While we’re used to seeing MINIs compete in the World Rally Championship at this point, the WRC isn’t the only venue where MINIs compete against the clock. From privateer teams running Targa events around the world to this race, the Allgäu-Orient Rally in Oberstaufen, Germany that starts at the end of this week. A couple of key things set the Allgäu-Orient Rally apart. First, it’s one-way. There’s no return route or looped course. Secondly and most interestingly, the race cars are auctioned off for charity at the end of the race. Pretty cool, eh? Get the official details from the MINI press release (and a gallery of race livery photos) after the jump.
Official News from MINI: Its organisers describe the Allgäu-Orient Rally as “one of the world’s last remaining automotive adventures”. The vehicles gathered for the eighth edition of this low-budget rally – which doubles as a fundraising event with a difference – will set off from Oberstaufen, Germany on Saturday, 27 April 2013. This unconventional competition for traditional and more recent classics will take on the Turkish cities of Istanbul and Ankara as well as the Israeli port of Haifa en route to the Jordanian desert near Aqaba. Setting this rally apart – in addition to its exotic itinerary – is the absence of a return leg. Indeed, once they cross the finish line the vehicles will be auctioned, with the proceeds going to local charitable causes. This year is the first time that BMW, MINI and BMW Group Classic are all registered as partners of the event, which will boast a line-up of nearly 250 entrants, including 41 BMW 3 Series, 5 Series and 7 Series cars. Accompanying the participants will be the organising committee’s MINI Cooper, which will be presented to a mobile midwifery service in Jordan when it reaches its destination.
This is the fourth time that BMW Group Classic has signed up as a partner of the Allgäu-Orient Rally. And, for the first time this year, BMW will be joined by MINI as a partner of the event. In 2012, five classic Minis made it to the finish line of this demanding expedition, and this time round a red MINI Cooper will have members of the organising committee on board. The model year 2003 car – which has already clocked up 180,000 kilometres (approx. 110,000 miles) – is the event’s youngest entrant. It has been meticulously prepared and is now in fine technical fettle to soak up not only everything the rally distance can throw at it, but also as many miles as possible in its subsequent life in service of a charitable organisation. The MINI will soon be added to the fleet of vehicles run by a midwifery service in Jordan whose employees often have to cover long distances to care for women in sparsely populated areas and locations far away from the hospitals of towns and cities.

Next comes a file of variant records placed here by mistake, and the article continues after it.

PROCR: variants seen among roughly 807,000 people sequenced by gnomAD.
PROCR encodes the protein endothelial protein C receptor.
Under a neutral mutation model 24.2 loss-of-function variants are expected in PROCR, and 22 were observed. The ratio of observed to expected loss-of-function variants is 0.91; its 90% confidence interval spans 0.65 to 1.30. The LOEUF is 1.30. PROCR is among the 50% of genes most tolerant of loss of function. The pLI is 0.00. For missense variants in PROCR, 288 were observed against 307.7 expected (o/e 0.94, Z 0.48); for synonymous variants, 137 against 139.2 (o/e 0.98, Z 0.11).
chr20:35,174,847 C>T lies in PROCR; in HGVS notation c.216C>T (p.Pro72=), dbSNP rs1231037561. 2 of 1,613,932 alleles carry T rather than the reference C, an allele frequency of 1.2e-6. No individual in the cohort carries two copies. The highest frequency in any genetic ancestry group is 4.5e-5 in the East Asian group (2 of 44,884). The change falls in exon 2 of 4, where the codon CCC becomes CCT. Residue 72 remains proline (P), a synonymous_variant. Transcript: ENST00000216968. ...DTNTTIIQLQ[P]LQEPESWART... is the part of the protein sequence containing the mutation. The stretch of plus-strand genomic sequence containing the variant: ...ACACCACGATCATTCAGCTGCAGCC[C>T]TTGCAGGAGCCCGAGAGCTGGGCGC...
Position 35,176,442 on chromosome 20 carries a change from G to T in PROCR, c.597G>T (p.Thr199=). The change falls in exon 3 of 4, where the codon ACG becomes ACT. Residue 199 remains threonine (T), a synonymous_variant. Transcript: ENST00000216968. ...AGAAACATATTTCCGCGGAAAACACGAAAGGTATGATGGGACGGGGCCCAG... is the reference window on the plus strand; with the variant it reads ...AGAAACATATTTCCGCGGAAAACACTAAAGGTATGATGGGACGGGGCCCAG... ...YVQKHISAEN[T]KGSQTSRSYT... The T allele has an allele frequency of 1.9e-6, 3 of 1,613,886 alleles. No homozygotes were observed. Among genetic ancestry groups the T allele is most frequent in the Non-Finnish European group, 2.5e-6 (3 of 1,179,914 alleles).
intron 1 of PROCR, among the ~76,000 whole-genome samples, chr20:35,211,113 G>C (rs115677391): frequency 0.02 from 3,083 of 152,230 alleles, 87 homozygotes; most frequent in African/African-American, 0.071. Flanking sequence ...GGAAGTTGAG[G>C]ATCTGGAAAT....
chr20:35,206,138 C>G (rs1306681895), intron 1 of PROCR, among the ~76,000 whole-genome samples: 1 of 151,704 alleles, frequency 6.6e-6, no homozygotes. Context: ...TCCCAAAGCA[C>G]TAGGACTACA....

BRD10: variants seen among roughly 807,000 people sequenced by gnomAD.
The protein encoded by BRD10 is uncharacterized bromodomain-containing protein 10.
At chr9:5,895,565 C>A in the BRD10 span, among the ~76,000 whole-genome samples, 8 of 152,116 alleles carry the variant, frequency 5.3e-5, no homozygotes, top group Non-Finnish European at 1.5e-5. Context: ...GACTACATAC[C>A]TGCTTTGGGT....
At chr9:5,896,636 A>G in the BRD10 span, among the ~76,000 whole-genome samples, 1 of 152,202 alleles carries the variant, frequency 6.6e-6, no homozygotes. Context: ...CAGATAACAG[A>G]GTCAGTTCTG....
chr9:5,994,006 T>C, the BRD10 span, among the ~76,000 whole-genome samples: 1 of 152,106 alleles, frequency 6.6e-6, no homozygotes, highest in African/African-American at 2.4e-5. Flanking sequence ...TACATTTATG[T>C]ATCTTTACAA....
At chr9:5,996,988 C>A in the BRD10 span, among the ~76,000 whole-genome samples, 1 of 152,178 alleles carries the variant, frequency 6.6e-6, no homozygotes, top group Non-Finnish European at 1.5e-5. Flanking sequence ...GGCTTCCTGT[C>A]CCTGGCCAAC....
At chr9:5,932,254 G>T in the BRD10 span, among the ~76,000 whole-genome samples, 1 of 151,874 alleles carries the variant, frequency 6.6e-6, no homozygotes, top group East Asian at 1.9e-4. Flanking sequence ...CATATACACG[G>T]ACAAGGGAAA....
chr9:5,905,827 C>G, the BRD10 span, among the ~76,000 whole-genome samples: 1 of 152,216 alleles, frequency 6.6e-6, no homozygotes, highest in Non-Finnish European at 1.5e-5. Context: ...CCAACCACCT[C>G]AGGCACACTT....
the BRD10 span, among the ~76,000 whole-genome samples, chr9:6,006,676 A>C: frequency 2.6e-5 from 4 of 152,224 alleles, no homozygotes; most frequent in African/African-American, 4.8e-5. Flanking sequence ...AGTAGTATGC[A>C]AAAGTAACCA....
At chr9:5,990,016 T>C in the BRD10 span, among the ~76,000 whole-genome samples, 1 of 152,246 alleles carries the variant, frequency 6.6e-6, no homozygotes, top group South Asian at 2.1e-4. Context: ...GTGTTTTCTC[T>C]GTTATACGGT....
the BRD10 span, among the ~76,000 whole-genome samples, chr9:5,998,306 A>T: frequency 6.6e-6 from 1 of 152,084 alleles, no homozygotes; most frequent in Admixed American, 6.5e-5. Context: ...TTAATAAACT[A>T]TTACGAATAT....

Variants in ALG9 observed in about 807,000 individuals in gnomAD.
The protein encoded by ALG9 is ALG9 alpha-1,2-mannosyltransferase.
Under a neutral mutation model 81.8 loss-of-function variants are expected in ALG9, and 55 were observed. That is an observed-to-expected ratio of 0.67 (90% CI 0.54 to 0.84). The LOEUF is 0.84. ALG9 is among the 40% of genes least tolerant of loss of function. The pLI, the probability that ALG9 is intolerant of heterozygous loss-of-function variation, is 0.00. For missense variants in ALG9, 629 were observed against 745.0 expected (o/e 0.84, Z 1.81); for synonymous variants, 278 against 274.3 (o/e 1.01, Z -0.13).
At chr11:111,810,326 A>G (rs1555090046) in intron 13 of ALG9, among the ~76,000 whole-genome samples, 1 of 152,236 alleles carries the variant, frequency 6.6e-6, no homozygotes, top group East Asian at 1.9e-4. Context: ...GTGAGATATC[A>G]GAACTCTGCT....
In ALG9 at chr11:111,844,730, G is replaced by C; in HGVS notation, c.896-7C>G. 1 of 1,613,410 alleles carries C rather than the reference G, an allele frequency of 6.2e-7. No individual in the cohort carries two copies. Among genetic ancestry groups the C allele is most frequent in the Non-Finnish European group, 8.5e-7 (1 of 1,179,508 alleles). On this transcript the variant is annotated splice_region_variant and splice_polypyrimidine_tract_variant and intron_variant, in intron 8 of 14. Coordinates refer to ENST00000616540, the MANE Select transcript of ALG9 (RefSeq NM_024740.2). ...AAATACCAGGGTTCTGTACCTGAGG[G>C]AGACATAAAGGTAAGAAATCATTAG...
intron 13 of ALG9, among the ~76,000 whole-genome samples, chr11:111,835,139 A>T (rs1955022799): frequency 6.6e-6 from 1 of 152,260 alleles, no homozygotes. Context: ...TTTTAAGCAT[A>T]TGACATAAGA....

The MINI Cooper is the exception to the Allgäu-Orient Rally rule stipulating that vehicles must be at least 20 years old. All the vehicles must also be left behind at the destination once the event is over. To this end, the organisers have come to a special arrangement with the Jordanian royal family; since the proceeds from the sale of vehicle parts will be donated to social aid projects in the country, the usual import regulations for old cars will be relaxed.
Though now somewhat long in the tooth, the starting field of recent classics still have plenty of miles left in them. All will have been purchased by the teams for no more than the maximum €1,111.11 set out in the rally regulations and prepared with plenty of elbow grease for their final active adventure. This year the teams will once again include many BMW Group employees and fans of the BMW brand who for months have been investing a great deal of their free time and technical knowledge in the project. A striking number of them are placing their hopes for a successful rally in the reliability and load capacity of the first-generation BMW 5 Series Touring. The BMW ranks will be further swelled by a trio of BMW 3 Series Tourings and no fewer than nine BMW 7 Series Sedans. In many cases, an admirable choice of car has gone hand-in-hand with an imaginative selection of team names: “Fleckvieh” (a type of cattle), “Doppelhöcker” (“double hump”), “Werk 6” (Plant 6), “Bavarian Pathfinders”, ”CologneCamelHunters” and the “Camel Chasing Racing Team” will each be running three BMW 5 Series cars. Elsewhere in the field, “Team 69” will not be alone with their triple-pack of BMW 7 Series Sedans; the “OILfinger” crew have recruited a BMW 730i, a BMW 735i and a 12-cylinder BMW 750i for the journey to Jordan.
The early stages of the rally will take the participants through parts of Germany and Austria before heading into Slovenia, Bosnia-Herzegovina, Kosovo, Macedonia and Bulgaria on their way to Turkey. From the southern Turkish port of Iskenderun the rally convoy will cross over by ferry to Haifa in Israel, before embarking on the final leg of its journey to Jordan, where the winners are due to be crowned on 17 May. Along the way, the teams will be called upon to complete a series of special trials as well as lend a helping hand with social organisations and aid projects at stage finishes. In this they will be supported by local organisations and individuals who are also doing their bit to make the Allgäu-Orient Rally a border-crossing adventure with an impressive dedication to good causes.
Gallery: MINI at the Allgäu-Orient Rally